Legend says that the ancient English king, Canute the Great, in testing the reach of his reign, placed his throne on the shoreline and commanded the tide to stop rising. Later, as he stood with wet feet, he proclaimed the power of the kings to be worthless and never wore his crown again.
ICSP director, Dr. John Rummel, leads the institute in its efforts to study the complex interactions between human behavior and North Carolina coastal environments
Today, our ability to wield power over the seas has remained meager, but our knowledge of oceans and coastal environments, as well as our understanding of their importance to the planet, has grown tremendously. In the centuries since Canute, scientists have peeked into the history of the Earth’s oceans, seen how they have risen and fallen over the millennia, and determined one indisputable fact: No one can hold back the sea forever.
At East Carolina University, the Institute for Coastal Science and Policy (ICSP) is not trying to control the seas. Instead, it is using research, education, and outreach to achieve the next best thing—sustainable coexistence. ICSP focuses on the complex interactions between human behavior and the natural processes of the marine environment, and aims to understand them well enough to support the development of sound public policy, leading to a long, productive relationship between humans and the coast.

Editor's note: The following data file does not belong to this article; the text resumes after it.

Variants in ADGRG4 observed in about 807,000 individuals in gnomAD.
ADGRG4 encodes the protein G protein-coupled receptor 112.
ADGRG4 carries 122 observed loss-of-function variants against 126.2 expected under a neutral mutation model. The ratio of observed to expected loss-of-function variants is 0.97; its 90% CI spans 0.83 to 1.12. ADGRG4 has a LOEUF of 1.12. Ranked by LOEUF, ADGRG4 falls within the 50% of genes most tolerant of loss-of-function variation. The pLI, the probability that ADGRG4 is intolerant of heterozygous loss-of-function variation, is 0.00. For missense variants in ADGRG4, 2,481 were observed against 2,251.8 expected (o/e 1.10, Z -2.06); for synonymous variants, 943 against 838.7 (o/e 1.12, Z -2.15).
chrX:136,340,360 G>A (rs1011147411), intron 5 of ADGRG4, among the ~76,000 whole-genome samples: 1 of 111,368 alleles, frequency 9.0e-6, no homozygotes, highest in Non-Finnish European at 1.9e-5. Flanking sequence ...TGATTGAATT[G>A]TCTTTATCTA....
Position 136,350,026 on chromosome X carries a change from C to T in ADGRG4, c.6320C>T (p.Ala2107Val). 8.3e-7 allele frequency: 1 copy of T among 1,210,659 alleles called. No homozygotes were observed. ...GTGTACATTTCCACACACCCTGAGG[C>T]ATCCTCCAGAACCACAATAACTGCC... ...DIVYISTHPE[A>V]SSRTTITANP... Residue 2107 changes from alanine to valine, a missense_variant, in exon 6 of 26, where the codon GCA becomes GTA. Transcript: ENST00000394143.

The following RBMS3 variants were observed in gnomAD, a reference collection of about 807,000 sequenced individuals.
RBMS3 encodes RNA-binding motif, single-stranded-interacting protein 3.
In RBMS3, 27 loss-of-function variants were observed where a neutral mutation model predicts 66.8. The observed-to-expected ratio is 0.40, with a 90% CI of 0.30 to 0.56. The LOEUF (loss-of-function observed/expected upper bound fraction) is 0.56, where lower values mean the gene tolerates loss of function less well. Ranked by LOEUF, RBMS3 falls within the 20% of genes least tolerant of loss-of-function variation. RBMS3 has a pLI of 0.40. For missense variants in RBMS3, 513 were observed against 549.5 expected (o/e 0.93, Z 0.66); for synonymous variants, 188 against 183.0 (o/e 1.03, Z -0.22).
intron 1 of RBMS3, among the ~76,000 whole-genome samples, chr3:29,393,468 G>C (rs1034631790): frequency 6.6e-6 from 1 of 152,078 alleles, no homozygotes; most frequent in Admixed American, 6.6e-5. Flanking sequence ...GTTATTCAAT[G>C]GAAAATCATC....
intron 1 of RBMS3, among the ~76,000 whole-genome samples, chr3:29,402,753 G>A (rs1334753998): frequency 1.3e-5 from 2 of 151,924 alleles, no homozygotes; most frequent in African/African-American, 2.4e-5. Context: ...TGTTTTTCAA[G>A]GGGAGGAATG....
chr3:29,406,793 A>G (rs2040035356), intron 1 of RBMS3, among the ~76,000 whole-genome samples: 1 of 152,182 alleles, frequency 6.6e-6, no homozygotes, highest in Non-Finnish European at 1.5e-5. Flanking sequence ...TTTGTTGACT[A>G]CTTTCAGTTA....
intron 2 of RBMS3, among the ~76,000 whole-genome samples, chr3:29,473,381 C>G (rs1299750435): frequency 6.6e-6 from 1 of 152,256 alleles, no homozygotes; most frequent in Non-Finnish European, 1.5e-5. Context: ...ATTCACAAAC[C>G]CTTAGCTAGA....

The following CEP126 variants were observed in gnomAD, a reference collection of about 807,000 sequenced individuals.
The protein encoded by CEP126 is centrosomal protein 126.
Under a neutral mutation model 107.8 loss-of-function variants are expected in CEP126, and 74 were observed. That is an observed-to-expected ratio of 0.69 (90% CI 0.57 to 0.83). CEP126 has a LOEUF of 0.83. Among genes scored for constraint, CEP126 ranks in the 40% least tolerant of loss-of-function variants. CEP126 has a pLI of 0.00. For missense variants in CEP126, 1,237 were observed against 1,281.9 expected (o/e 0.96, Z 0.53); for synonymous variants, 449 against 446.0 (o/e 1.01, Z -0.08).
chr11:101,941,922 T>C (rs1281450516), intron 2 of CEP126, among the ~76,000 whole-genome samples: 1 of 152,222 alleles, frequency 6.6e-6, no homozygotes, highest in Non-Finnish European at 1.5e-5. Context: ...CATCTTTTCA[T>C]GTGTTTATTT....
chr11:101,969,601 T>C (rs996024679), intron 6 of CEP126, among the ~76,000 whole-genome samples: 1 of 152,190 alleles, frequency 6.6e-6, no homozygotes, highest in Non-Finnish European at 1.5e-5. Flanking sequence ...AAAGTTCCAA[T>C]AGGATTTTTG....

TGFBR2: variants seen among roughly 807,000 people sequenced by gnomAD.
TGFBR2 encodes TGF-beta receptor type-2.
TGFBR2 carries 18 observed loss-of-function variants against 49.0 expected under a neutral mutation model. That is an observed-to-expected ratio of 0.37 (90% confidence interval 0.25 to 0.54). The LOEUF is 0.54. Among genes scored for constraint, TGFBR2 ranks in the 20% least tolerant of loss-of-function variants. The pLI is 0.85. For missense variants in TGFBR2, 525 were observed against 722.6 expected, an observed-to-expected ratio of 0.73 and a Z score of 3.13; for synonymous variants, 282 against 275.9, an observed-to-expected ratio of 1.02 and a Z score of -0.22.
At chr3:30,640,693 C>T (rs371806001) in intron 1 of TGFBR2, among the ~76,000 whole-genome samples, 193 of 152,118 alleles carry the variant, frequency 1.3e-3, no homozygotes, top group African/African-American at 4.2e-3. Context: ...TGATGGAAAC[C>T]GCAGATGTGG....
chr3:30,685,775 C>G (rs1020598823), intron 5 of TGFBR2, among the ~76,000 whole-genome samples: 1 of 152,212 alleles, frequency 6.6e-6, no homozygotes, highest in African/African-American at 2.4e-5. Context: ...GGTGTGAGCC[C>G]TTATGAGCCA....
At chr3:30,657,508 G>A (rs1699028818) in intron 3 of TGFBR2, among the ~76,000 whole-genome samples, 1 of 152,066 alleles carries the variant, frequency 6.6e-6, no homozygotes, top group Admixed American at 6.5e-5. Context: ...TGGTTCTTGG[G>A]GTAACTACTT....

While no one at ICSP would characterize our relationship with the oceans as a deliberately contentious struggle, it is clear that the areas where water meets land are some of the most dynamic and delicate on the planet. These areas are rich with biological ecosystems, archaeological and geological clues to our past, and unmatched natural beauty. Without the knowledge developed and taught by institutes like ICSP, many of these areas would be irrevocably changed or lost completely.
North Carolina is made up of a wide array of coastal marine environments. The famed Outer Banks are a series of barrier islands that separate the Atlantic Ocean from the North American continent. Between the Outer Banks and the mainland rest the Albemarle and Pamlico sounds. These areas combine to form a huge, rich ecosystem for fish and other marine life who come there to spawn, and which in turn nourishes the open ocean. The sound-side, coastal-area communities, contain marshes and estuaries. From the mainland, many rivers and streams feed into the sound. Add a hurricane or a tropical storm from time-to-time, and these areas combine to form an ideal locale for interdisciplinary research.